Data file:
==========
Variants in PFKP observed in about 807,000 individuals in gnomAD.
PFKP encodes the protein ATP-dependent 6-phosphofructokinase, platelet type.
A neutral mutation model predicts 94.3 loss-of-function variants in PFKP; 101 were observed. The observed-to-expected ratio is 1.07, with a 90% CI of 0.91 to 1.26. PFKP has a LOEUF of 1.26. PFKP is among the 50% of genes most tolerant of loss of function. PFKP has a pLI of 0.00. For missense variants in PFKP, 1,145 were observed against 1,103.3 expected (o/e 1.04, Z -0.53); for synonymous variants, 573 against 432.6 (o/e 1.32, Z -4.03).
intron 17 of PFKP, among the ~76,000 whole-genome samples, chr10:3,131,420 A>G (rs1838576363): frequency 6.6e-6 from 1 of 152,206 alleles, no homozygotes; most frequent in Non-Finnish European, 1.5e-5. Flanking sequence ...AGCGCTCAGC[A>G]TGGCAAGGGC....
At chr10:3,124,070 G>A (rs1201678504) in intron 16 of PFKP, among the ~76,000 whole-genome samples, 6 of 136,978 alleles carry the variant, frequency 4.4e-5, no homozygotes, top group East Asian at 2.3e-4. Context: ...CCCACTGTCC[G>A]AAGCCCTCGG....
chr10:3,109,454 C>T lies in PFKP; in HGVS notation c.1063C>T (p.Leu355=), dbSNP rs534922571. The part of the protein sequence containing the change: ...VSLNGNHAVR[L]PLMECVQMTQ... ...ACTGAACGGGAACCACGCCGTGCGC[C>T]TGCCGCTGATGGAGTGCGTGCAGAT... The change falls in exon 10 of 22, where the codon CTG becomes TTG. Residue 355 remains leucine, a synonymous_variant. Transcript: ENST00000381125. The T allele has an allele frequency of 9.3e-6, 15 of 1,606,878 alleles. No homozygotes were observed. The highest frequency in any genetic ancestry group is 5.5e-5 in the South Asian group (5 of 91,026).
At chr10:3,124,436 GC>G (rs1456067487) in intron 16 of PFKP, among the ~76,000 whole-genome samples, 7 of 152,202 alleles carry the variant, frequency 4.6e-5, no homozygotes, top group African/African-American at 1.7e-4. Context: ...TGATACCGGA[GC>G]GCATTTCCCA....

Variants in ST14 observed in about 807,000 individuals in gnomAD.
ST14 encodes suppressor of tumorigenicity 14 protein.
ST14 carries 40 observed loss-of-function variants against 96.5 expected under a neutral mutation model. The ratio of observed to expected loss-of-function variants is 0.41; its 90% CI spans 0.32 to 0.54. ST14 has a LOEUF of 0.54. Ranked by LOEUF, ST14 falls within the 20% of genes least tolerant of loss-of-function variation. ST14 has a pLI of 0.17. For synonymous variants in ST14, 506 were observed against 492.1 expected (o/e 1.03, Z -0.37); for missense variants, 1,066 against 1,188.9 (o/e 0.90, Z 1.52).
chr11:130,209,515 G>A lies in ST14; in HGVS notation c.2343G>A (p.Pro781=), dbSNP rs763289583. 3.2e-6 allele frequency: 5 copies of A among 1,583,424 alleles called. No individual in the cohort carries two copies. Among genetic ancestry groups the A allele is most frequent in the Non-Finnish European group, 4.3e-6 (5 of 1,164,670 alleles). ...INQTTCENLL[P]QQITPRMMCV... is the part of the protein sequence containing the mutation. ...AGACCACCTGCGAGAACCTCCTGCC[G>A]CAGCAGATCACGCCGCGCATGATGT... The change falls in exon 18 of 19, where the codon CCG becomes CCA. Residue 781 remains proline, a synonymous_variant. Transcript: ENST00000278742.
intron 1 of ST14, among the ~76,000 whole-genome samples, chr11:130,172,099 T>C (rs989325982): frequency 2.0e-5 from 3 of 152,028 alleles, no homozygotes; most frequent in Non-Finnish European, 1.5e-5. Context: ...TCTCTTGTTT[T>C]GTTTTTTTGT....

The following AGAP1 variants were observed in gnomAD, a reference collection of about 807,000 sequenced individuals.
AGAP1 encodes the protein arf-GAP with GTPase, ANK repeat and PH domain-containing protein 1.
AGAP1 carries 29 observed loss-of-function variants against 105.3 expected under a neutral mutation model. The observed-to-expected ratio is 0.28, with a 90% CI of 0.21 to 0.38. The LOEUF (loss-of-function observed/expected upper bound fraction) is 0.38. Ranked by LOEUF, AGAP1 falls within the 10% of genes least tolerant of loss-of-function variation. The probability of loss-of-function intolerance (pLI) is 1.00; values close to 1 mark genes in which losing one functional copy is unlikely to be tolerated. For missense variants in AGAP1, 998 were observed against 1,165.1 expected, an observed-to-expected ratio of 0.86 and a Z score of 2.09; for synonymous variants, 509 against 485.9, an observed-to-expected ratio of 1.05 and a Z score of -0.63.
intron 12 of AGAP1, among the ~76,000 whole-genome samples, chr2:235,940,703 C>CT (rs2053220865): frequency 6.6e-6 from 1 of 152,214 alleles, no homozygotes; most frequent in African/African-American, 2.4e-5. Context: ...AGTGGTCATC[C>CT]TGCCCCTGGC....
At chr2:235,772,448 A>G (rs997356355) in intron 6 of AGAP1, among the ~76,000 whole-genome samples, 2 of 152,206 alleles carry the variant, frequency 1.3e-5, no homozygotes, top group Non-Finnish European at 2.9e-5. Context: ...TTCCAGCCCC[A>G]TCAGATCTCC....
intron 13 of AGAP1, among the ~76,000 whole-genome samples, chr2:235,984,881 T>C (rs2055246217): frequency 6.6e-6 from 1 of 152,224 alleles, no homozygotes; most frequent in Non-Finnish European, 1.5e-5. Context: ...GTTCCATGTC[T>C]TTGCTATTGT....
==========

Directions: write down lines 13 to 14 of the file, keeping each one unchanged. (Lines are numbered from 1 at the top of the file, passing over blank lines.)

The following AGAP1 variants were observed in gnomAD, a reference collection of about 807,000 sequenced individuals.
AGAP1 encodes the protein arf-GAP with GTPase, ANK repeat and PH domain-containing protein 1.